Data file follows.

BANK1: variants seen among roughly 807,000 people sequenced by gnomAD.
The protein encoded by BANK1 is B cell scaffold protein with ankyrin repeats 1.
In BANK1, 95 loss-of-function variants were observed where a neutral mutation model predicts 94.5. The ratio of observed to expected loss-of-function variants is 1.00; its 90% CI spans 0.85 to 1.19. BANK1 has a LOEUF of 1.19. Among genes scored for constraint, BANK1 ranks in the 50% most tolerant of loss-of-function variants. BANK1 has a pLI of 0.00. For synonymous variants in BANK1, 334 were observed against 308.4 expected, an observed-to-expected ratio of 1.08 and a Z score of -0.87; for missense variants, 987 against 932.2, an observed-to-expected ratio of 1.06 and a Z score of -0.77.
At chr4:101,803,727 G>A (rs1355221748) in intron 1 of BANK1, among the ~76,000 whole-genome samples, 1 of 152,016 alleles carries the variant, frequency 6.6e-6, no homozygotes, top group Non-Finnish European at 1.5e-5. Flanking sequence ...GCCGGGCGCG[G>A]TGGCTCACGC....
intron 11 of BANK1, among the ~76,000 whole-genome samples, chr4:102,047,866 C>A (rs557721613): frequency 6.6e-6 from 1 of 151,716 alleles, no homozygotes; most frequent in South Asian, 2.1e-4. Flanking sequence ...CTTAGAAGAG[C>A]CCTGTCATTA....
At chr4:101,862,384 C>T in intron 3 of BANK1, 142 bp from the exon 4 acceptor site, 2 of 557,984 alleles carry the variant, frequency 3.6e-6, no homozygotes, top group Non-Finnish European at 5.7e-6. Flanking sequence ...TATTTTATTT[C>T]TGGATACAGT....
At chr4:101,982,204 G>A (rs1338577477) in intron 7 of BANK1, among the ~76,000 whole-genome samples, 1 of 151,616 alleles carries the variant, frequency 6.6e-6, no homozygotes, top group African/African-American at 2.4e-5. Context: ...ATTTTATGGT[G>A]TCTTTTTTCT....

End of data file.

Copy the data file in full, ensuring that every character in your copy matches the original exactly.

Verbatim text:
BANK1: variants seen among roughly 807,000 people sequenced by gnomAD.
The protein encoded by BANK1 is B cell scaffold protein with ankyrin repeats 1.
In BANK1, 95 loss-of-function variants were observed where a neutral mutation model predicts 94.5. The ratio of observed to expected loss-of-function variants is 1.00; its 90% CI spans 0.85 to 1.19. BANK1 has a LOEUF of 1.19. Among genes scored for constraint, BANK1 ranks in the 50% most tolerant of loss-of-function variants. BANK1 has a pLI of 0.00. For synonymous variants in BANK1, 334 were observed against 308.4 expected, an observed-to-expected ratio of 1.08 and a Z score of -0.87; for missense variants, 987 against 932.2, an observed-to-expected ratio of 1.06 and a Z score of -0.77.
At chr4:101,803,727 G>A (rs1355221748) in intron 1 of BANK1, among the ~76,000 whole-genome samples, 1 of 152,016 alleles carries the variant, frequency 6.6e-6, no homozygotes, top group Non-Finnish European at 1.5e-5. Flanking sequence ...GCCGGGCGCG[G>A]TGGCTCACGC....
intron 11 of BANK1, among the ~76,000 whole-genome samples, chr4:102,047,866 C>A (rs557721613): frequency 6.6e-6 from 1 of 151,716 alleles, no homozygotes; most frequent in South Asian, 2.1e-4. Flanking sequence ...CTTAGAAGAG[C>A]CCTGTCATTA....
At chr4:101,862,384 C>T in intron 3 of BANK1, 142 bp from the exon 4 acceptor site, 2 of 557,984 alleles carry the variant, frequency 3.6e-6, no homozygotes, top group Non-Finnish European at 5.7e-6. Flanking sequence ...TATTTTATTT[C>T]TGGATACAGT....
At chr4:101,982,204 G>A (rs1338577477) in intron 7 of BANK1, among the ~76,000 whole-genome samples, 1 of 151,616 alleles carries the variant, frequency 6.6e-6, no homozygotes, top group African/African-American at 2.4e-5. Context: ...ATTTTATGGT[G>A]TCTTTTTTCT....